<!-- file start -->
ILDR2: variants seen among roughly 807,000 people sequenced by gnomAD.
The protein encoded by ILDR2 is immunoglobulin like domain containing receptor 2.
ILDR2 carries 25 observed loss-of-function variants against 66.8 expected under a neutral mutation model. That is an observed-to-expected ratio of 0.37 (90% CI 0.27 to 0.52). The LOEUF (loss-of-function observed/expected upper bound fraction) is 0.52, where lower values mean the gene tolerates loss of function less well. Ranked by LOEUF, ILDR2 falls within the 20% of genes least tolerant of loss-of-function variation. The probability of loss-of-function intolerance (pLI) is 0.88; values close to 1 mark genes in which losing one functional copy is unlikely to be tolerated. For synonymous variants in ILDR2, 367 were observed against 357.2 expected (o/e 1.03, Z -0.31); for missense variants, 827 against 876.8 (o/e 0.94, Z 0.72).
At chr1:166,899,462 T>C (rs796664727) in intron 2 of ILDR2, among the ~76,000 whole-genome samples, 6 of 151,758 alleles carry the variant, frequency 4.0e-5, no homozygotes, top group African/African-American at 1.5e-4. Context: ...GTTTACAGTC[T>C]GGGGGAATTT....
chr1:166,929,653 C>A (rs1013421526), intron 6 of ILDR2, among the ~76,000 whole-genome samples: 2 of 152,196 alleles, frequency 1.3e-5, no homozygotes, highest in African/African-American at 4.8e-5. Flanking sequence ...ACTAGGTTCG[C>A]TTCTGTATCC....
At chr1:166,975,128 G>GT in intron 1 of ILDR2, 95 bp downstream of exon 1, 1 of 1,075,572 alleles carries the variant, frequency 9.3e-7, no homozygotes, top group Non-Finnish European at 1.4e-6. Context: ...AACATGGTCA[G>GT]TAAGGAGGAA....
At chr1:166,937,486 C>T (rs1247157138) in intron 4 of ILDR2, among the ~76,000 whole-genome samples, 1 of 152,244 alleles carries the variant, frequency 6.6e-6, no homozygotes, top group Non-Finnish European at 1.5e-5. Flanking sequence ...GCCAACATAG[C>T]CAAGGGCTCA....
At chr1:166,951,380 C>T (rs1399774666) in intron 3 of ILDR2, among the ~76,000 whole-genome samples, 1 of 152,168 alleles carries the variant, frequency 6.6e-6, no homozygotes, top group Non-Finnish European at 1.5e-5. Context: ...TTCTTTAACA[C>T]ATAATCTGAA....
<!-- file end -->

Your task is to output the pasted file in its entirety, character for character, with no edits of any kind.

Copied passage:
ILDR2: variants seen among roughly 807,000 people sequenced by gnomAD.
The protein encoded by ILDR2 is immunoglobulin like domain containing receptor 2.
ILDR2 carries 25 observed loss-of-function variants against 66.8 expected under a neutral mutation model. That is an observed-to-expected ratio of 0.37 (90% CI 0.27 to 0.52). The LOEUF (loss-of-function observed/expected upper bound fraction) is 0.52, where lower values mean the gene tolerates loss of function less well. Ranked by LOEUF, ILDR2 falls within the 20% of genes least tolerant of loss-of-function variation. The probability of loss-of-function intolerance (pLI) is 0.88; values close to 1 mark genes in which losing one functional copy is unlikely to be tolerated. For synonymous variants in ILDR2, 367 were observed against 357.2 expected (o/e 1.03, Z -0.31); for missense variants, 827 against 876.8 (o/e 0.94, Z 0.72).
At chr1:166,899,462 T>C (rs796664727) in intron 2 of ILDR2, among the ~76,000 whole-genome samples, 6 of 151,758 alleles carry the variant, frequency 4.0e-5, no homozygotes, top group African/African-American at 1.5e-4. Context: ...GTTTACAGTC[T>C]GGGGGAATTT....
chr1:166,929,653 C>A (rs1013421526), intron 6 of ILDR2, among the ~76,000 whole-genome samples: 2 of 152,196 alleles, frequency 1.3e-5, no homozygotes, highest in African/African-American at 4.8e-5. Flanking sequence ...ACTAGGTTCG[C>A]TTCTGTATCC....
At chr1:166,975,128 G>GT in intron 1 of ILDR2, 95 bp downstream of exon 1, 1 of 1,075,572 alleles carries the variant, frequency 9.3e-7, no homozygotes, top group Non-Finnish European at 1.4e-6. Context: ...AACATGGTCA[G>GT]TAAGGAGGAA....
At chr1:166,937,486 C>T (rs1247157138) in intron 4 of ILDR2, among the ~76,000 whole-genome samples, 1 of 152,244 alleles carries the variant, frequency 6.6e-6, no homozygotes, top group Non-Finnish European at 1.5e-5. Flanking sequence ...GCCAACATAG[C>T]CAAGGGCTCA....
At chr1:166,951,380 C>T (rs1399774666) in intron 3 of ILDR2, among the ~76,000 whole-genome samples, 1 of 152,168 alleles carries the variant, frequency 6.6e-6, no homozygotes, top group Non-Finnish European at 1.5e-5. Context: ...TTCTTTAACA[C>T]ATAATCTGAA....